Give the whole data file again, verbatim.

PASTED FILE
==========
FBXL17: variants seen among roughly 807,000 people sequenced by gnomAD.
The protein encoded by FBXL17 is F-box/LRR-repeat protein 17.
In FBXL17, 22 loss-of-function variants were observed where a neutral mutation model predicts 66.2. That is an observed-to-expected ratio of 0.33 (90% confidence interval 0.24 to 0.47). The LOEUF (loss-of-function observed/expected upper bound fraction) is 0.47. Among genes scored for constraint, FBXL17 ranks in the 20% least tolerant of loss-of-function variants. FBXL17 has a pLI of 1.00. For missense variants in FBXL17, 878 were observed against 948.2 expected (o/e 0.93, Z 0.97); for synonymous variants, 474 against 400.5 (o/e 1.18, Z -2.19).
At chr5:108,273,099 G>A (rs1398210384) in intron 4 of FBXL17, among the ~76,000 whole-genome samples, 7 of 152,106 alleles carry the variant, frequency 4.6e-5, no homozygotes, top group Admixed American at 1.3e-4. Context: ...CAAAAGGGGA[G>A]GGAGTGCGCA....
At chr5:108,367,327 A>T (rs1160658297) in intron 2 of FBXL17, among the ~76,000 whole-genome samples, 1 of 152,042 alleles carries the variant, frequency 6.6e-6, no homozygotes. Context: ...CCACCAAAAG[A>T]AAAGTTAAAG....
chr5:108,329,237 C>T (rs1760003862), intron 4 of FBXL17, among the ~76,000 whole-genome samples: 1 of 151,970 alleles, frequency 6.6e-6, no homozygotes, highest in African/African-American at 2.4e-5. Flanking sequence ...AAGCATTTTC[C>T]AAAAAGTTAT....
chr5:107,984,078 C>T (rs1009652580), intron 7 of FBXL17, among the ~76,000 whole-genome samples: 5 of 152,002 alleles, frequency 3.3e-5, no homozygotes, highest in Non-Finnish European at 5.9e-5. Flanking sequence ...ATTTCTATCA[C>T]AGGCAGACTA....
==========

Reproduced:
FBXL17: variants seen among roughly 807,000 people sequenced by gnomAD.
The protein encoded by FBXL17 is F-box/LRR-repeat protein 17.
In FBXL17, 22 loss-of-function variants were observed where a neutral mutation model predicts 66.2. That is an observed-to-expected ratio of 0.33 (90% confidence interval 0.24 to 0.47). The LOEUF (loss-of-function observed/expected upper bound fraction) is 0.47. Among genes scored for constraint, FBXL17 ranks in the 20% least tolerant of loss-of-function variants. FBXL17 has a pLI of 1.00. For missense variants in FBXL17, 878 were observed against 948.2 expected (o/e 0.93, Z 0.97); for synonymous variants, 474 against 400.5 (o/e 1.18, Z -2.19).
At chr5:108,273,099 G>A (rs1398210384) in intron 4 of FBXL17, among the ~76,000 whole-genome samples, 7 of 152,106 alleles carry the variant, frequency 4.6e-5, no homozygotes, top group Admixed American at 1.3e-4. Context: ...CAAAAGGGGA[G>A]GGAGTGCGCA....
At chr5:108,367,327 A>T (rs1160658297) in intron 2 of FBXL17, among the ~76,000 whole-genome samples, 1 of 152,042 alleles carries the variant, frequency 6.6e-6, no homozygotes. Context: ...CCACCAAAAG[A>T]AAAGTTAAAG....
chr5:108,329,237 C>T (rs1760003862), intron 4 of FBXL17, among the ~76,000 whole-genome samples: 1 of 151,970 alleles, frequency 6.6e-6, no homozygotes, highest in African/African-American at 2.4e-5. Flanking sequence ...AAGCATTTTC[C>T]AAAAAGTTAT....
chr5:107,984,078 C>T (rs1009652580), intron 7 of FBXL17, among the ~76,000 whole-genome samples: 5 of 152,002 alleles, frequency 3.3e-5, no homozygotes, highest in Non-Finnish European at 5.9e-5. Flanking sequence ...ATTTCTATCA[C>T]AGGCAGACTA....